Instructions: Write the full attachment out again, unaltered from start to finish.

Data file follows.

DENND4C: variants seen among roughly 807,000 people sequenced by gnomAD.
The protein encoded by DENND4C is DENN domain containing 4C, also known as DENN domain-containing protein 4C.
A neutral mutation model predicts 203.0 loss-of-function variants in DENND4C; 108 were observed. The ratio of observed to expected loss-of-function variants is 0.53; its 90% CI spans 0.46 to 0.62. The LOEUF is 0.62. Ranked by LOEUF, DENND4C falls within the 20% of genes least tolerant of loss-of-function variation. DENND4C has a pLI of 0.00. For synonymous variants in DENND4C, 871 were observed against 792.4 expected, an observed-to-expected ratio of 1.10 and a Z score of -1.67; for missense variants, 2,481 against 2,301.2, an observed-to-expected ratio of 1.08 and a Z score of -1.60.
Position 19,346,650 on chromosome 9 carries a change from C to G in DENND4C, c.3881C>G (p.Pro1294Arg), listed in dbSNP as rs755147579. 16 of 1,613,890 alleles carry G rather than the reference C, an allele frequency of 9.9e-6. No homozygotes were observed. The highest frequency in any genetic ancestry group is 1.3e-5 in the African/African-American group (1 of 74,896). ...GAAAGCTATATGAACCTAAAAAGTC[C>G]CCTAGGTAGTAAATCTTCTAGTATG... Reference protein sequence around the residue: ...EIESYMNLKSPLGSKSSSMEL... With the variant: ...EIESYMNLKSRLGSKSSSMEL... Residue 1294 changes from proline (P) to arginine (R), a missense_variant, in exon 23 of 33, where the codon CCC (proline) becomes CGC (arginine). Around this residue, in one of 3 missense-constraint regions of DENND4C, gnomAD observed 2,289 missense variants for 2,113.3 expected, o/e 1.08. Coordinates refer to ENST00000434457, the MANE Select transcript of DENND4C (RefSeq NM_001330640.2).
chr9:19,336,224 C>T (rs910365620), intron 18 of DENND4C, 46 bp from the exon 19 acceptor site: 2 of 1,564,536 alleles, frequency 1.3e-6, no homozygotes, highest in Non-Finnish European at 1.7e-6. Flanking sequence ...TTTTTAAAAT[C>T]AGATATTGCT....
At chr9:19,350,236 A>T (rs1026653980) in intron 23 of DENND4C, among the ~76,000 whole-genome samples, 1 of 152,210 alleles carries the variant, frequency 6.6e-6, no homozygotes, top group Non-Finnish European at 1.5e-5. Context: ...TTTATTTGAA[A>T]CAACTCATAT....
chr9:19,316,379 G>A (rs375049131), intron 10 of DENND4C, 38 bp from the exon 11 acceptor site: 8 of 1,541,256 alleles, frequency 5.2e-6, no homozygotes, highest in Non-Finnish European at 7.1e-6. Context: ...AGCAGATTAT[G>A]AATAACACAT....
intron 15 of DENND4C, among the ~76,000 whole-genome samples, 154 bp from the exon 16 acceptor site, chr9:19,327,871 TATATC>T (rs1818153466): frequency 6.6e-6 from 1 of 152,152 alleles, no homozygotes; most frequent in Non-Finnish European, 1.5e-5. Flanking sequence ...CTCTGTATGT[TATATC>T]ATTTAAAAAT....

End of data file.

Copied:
DENND4C: variants seen among roughly 807,000 people sequenced by gnomAD.
The protein encoded by DENND4C is DENN domain containing 4C, also known as DENN domain-containing protein 4C.
A neutral mutation model predicts 203.0 loss-of-function variants in DENND4C; 108 were observed. The ratio of observed to expected loss-of-function variants is 0.53; its 90% CI spans 0.46 to 0.62. The LOEUF is 0.62. Ranked by LOEUF, DENND4C falls within the 20% of genes least tolerant of loss-of-function variation. DENND4C has a pLI of 0.00. For synonymous variants in DENND4C, 871 were observed against 792.4 expected, an observed-to-expected ratio of 1.10 and a Z score of -1.67; for missense variants, 2,481 against 2,301.2, an observed-to-expected ratio of 1.08 and a Z score of -1.60.
Position 19,346,650 on chromosome 9 carries a change from C to G in DENND4C, c.3881C>G (p.Pro1294Arg), listed in dbSNP as rs755147579. 16 of 1,613,890 alleles carry G rather than the reference C, an allele frequency of 9.9e-6. No homozygotes were observed. The highest frequency in any genetic ancestry group is 1.3e-5 in the African/African-American group (1 of 74,896). ...GAAAGCTATATGAACCTAAAAAGTC[C>G]CCTAGGTAGTAAATCTTCTAGTATG... Reference protein sequence around the residue: ...EIESYMNLKSPLGSKSSSMEL... With the variant: ...EIESYMNLKSRLGSKSSSMEL... Residue 1294 changes from proline (P) to arginine (R), a missense_variant, in exon 23 of 33, where the codon CCC (proline) becomes CGC (arginine). Around this residue, in one of 3 missense-constraint regions of DENND4C, gnomAD observed 2,289 missense variants for 2,113.3 expected, o/e 1.08. Coordinates refer to ENST00000434457, the MANE Select transcript of DENND4C (RefSeq NM_001330640.2).
chr9:19,336,224 C>T (rs910365620), intron 18 of DENND4C, 46 bp from the exon 19 acceptor site: 2 of 1,564,536 alleles, frequency 1.3e-6, no homozygotes, highest in Non-Finnish European at 1.7e-6. Flanking sequence ...TTTTTAAAAT[C>T]AGATATTGCT....
At chr9:19,350,236 A>T (rs1026653980) in intron 23 of DENND4C, among the ~76,000 whole-genome samples, 1 of 152,210 alleles carries the variant, frequency 6.6e-6, no homozygotes, top group Non-Finnish European at 1.5e-5. Context: ...TTTATTTGAA[A>T]CAACTCATAT....
chr9:19,316,379 G>A (rs375049131), intron 10 of DENND4C, 38 bp from the exon 11 acceptor site: 8 of 1,541,256 alleles, frequency 5.2e-6, no homozygotes, highest in Non-Finnish European at 7.1e-6. Context: ...AGCAGATTAT[G>A]AATAACACAT....
intron 15 of DENND4C, among the ~76,000 whole-genome samples, 154 bp from the exon 16 acceptor site, chr9:19,327,871 TATATC>T (rs1818153466): frequency 6.6e-6 from 1 of 152,152 alleles, no homozygotes; most frequent in Non-Finnish European, 1.5e-5. Flanking sequence ...CTCTGTATGT[TATATC>T]ATTTAAAAAT....